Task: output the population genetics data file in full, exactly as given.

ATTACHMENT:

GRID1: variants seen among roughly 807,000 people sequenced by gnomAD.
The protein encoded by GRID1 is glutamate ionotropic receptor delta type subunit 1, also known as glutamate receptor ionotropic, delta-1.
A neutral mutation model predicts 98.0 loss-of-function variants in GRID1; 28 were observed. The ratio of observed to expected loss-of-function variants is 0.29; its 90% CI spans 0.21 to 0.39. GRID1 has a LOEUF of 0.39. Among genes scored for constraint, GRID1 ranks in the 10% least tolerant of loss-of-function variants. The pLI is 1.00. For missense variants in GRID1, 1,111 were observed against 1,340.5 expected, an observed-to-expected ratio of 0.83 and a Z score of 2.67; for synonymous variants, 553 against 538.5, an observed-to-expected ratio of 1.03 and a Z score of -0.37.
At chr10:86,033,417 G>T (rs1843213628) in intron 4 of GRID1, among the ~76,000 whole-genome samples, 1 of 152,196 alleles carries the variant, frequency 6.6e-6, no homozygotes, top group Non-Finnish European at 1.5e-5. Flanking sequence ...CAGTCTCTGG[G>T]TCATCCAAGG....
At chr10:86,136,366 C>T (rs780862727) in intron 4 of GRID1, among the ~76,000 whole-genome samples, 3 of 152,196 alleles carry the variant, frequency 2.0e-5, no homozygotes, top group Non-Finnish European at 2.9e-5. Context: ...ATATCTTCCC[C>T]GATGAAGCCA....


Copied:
GRID1: variants seen among roughly 807,000 people sequenced by gnomAD.
The protein encoded by GRID1 is glutamate ionotropic receptor delta type subunit 1, also known as glutamate receptor ionotropic, delta-1.
A neutral mutation model predicts 98.0 loss-of-function variants in GRID1; 28 were observed. The ratio of observed to expected loss-of-function variants is 0.29; its 90% CI spans 0.21 to 0.39. GRID1 has a LOEUF of 0.39. Among genes scored for constraint, GRID1 ranks in the 10% least tolerant of loss-of-function variants. The pLI is 1.00. For missense variants in GRID1, 1,111 were observed against 1,340.5 expected, an observed-to-expected ratio of 0.83 and a Z score of 2.67; for synonymous variants, 553 against 538.5, an observed-to-expected ratio of 1.03 and a Z score of -0.37.
At chr10:86,033,417 G>T (rs1843213628) in intron 4 of GRID1, among the ~76,000 whole-genome samples, 1 of 152,196 alleles carries the variant, frequency 6.6e-6, no homozygotes, top group Non-Finnish European at 1.5e-5. Flanking sequence ...CAGTCTCTGG[G>T]TCATCCAAGG....
At chr10:86,136,366 C>T (rs780862727) in intron 4 of GRID1, among the ~76,000 whole-genome samples, 3 of 152,196 alleles carry the variant, frequency 2.0e-5, no homozygotes, top group Non-Finnish European at 2.9e-5. Context: ...ATATCTTCCC[C>T]GATGAAGCCA....